Sunday was a zinger of a day. Lydia, David, Gene, Sidney, and I went to Drumbeg for a long and leisurely morning walk. Then we went to The Surf for lunch, and we sat at a table on the lawn in the sun and had lunch overlooking the ocean and we saw whales blowing out their holes far out to see. On the way home, we went to Malaspina Galleries, a natural rock formation on our island that is a popular tourist site, and then came home.
It's remarkable to be with Gene, age 28. I babysat him countless times, often for all day, and he was easily the greatest love of my life, ever in my life, from soon after he was born. I have long felt that it was from him that I first learned to love. I didn’t love Steve, my ex, until many years later. So having all day with Gene yesterday was heaven.
At one point, I got a call from a friend, Anna-Mae, whom I haven’t seen since the late 1970s. She is a hoot, and somehow, she found me and called me after decades apart; we met through our work in professional theatre. She is on Gabe for two days, so I will get together with her this afternoon.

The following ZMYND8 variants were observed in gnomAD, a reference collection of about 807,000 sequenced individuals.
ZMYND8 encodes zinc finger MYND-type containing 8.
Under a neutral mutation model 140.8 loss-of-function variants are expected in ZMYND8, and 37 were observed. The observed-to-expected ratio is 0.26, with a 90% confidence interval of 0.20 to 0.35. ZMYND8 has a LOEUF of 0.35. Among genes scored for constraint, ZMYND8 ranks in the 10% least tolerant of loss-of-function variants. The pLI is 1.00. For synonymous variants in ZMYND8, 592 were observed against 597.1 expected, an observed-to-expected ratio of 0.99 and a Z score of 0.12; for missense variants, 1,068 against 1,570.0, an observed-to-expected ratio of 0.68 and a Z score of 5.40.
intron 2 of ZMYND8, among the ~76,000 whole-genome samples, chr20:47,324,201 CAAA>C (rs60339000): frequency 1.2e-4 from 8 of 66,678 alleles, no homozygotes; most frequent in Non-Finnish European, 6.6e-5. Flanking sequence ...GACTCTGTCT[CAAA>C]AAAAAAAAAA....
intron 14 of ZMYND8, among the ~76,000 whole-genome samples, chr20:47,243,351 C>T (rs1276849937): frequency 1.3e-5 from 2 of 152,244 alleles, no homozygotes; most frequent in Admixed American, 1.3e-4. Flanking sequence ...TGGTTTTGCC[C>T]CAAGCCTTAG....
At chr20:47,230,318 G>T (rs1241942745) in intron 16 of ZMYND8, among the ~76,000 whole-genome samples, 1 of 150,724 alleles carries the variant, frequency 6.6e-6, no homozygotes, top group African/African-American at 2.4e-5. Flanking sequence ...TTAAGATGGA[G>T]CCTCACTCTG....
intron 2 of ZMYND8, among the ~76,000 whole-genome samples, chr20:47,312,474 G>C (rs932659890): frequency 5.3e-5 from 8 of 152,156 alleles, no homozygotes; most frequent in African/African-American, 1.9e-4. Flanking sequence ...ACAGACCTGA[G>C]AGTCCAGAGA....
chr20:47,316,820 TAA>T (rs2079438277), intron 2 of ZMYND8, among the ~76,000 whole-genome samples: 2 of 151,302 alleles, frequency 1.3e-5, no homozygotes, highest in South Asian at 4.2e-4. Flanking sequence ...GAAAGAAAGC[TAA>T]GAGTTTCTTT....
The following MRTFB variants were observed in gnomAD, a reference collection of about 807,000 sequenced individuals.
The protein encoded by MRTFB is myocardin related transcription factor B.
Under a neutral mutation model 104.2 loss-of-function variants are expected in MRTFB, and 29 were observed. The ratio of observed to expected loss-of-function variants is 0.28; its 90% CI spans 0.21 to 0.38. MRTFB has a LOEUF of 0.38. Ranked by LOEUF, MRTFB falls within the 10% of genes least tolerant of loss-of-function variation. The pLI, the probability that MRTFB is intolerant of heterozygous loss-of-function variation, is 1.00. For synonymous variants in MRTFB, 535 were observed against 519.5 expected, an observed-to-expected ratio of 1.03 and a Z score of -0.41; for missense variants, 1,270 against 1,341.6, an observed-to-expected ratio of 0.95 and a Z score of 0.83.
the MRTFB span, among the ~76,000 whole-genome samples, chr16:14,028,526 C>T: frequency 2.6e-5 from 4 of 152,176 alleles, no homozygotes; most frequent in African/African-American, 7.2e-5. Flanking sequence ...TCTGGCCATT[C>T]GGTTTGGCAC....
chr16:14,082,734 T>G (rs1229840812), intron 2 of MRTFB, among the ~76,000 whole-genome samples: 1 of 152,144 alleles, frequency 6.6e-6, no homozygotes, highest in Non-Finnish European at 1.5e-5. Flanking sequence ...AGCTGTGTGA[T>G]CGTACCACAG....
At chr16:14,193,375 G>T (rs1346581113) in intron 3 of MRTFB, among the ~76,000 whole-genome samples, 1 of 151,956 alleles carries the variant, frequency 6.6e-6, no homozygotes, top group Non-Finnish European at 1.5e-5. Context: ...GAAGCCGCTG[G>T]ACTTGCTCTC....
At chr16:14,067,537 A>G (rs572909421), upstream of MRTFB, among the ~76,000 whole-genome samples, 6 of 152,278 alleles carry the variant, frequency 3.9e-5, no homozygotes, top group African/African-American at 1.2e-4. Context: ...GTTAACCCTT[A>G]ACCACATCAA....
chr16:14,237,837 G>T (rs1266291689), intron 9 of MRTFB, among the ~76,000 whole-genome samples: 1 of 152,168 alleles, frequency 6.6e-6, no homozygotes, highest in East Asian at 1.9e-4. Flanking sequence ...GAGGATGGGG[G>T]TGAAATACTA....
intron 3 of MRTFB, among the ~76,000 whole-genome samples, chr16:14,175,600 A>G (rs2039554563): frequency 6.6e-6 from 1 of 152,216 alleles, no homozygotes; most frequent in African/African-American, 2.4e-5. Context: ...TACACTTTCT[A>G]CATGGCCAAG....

The departure of the Roseberrys was extremely sad for me. These people, Steve’s sister, her husband, son, and daughter-in-law, mean a great, great deal to me. I’m really feeling the love for all my true friends intensely because I always become fearful of losing friends when my speech is bad.
All Hell has broken loose. I’m feeling overwhelmed. I’ve been asked to do some writing for the current president, to work with others to write fundraising policies, and to work with our doctors to develop articles for our newsletter that will run under their names. This is on top of re-writing the website, developing our first newsletter, and writing ads for some twenty-plus publications.
All this work is putting me on par with Chuck, the president, Dyan the incoming president and all-round mega-mind, and Nancy, my fellow hunter of doctors. They are all incredibly hard workers.
I’m glad Anna-Mae is coming this afternoon. It will force me to take a break on a gorgeous day and leave, at least for a while, the clinic work that binds me to my chair and computer.